American Heritage® Dictionary of the English Language, Fourth Edition
- n. The act of pretending; a false appearance or action intended to deceive.
- n. A false or studied show; an affectation: a pretense of nonchalance.
- n. A professed but feigned reason or excuse; a pretext: under false pretenses.
- n. Something imagined or pretended.
- n. Mere show without reality; outward appearance.
- n. A right asserted with or without foundation; a claim. See Synonyms at claim.
- n. The quality or state of being pretentious; ostentation.
Century Dictionary and Cyclopedia
- n. An intention; a design; a purpose.
- n. The act of pretending, or putting forward something to conceal the true state of affairs, and thus to deceive; hence, the representation of that which does not exist; simulation; feigning; a false or hypocritical show; a sham.
- n. That under cover of which an actual design or meaning is concealed; a pretext.
- n. Pretension; aspiration; the putting forth of a claim, particularly to merit, dignity, or personal worth; pretentiousness.
- n. A claim; a right asserted, with or without foundation.
- n. US A false or hypocritical profession, as, under pretense of friendliness.
- n. Intention or purpose not real but professed.
- n. An unsupported claim made or implied.
- n. An insincere attempt to reach a specific condition or quality.
GNU Webster's 1913
- n. The act of laying claim; the claim laid; assumption; pretension.
- n. The act of holding out, or offering, to others something false or feigned; presentation of what is deceptive or hypocritical; deception by showing what is unreal and concealing what is real; false show; simulation.
- n. That which is pretended; false, deceptive, or hypocritical show, argument, or reason; pretext; feint.
- n. obsolete Intention; design.
- n. a false or unsupportable quality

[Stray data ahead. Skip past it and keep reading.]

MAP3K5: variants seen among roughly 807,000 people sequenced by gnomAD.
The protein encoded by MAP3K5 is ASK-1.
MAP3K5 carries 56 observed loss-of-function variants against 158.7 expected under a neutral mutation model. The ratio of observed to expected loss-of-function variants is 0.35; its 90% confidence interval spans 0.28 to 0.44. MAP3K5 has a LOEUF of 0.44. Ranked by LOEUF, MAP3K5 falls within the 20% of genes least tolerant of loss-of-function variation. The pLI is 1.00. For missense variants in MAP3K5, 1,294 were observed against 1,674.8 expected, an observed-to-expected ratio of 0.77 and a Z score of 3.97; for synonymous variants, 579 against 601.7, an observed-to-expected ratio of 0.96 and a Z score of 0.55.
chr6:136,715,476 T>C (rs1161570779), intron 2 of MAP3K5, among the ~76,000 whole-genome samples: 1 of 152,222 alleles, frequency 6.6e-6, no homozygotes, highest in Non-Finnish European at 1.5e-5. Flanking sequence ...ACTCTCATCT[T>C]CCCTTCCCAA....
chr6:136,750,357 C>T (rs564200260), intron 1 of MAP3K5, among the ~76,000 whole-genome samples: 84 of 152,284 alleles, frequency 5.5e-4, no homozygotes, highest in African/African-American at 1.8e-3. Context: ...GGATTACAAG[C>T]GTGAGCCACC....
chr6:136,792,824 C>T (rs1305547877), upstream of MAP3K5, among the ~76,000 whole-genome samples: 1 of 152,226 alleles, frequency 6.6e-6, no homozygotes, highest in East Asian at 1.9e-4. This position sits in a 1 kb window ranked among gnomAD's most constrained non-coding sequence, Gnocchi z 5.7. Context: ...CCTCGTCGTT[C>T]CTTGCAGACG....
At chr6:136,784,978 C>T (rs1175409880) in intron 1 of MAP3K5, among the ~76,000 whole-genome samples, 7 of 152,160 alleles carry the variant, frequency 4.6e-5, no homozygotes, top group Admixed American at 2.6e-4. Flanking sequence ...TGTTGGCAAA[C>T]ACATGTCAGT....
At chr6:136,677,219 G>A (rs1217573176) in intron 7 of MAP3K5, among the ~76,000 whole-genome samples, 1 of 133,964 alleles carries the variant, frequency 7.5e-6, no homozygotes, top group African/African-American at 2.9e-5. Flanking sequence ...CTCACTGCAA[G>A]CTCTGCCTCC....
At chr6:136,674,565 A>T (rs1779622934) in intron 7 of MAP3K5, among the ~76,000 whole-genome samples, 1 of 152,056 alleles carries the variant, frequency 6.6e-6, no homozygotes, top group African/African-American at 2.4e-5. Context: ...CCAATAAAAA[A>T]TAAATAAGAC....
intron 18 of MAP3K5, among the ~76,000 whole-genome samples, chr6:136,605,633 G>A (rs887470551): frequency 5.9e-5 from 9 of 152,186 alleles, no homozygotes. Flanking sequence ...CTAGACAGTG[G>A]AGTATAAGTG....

- n. pretending with intention to deceive
- n. imaginative intellectual play
- n. the act of giving a false appearance
- n. an artful or simulated semblance
- From Middle French pretensse, from Late Latin prætensus, past participle of prætendere ("to pretend"), from præ- ("before") + tendere ("to stretch"); see pretend. (Wiktionary)
- Middle English, from Old French pretensse, from Medieval Latin *praetēnsa, from Late Latin, feminine of praetēnsus, alteration of Latin praetentus, past participle of praetendere, to pretend, assert; see pretend. (American Heritage® Dictionary of the English Language, Fourth Edition)
“Another article in the "mainstream" media criticizing President Obama, in which the pretense is about an "open media" and "transparency," but the subtext is obvious – racism, pure and simple.”
“The free enterprise pretense is today, again, providing profit to a small number of people and corporations.”
“What should they have done, one of those fake long sloppy kisses in pretense done by couples that probably haven't touched each other in years?”
“There are people out there who, in pretense of a dark cloud around him are hiding their racist attitudes and I hope you are not one of them.”
“But the biggest pretense is that Georgia is supported by the West.”
“That's the sound of hot air escaping after pretense is punctured by a pointed question.”
“I could think of no better way to communicate than with a poem, where pretense is stripped away, leaving only what is beautiful and vital.”
“The pretense is the result of terror of rejection, just as it is in the Middle Class form, though reasons for possible rejection are worlds apart from the Middle Class conditioning.”
“In many Middle Class homes the pretense is enforced as hard or harder than it is in public, in an effort to "prepare one for the big bad world".”
“Peter Nellhaus on Ho Choi's Sasaeng Gyeoldan (Bloody Tie): "This is like a Quentin Tarantino film without a lot of the pretense from a Korean filmmaker who should be better known stateside.”
These user-created lists contain the word ‘pretense’.
you know that thing where the Eskimos have 50 words for snow?
A list of words that are odd or words that I have looked up.
This is Ghost List 2 ( the kind that go 'boo!' ) :P
( open list )
An arcade of artifice and deception.
Differences betwen brithish and American english spelling or pronunciation.
Hard words level 1
an immense, grandiloquent list that loads like a thousand years sentence in stone. new words are in the other lists.
Words I like to use, words I like but may forget.
Off the straight and narrow; less than straight arrow.
Looking for tweets for pretense.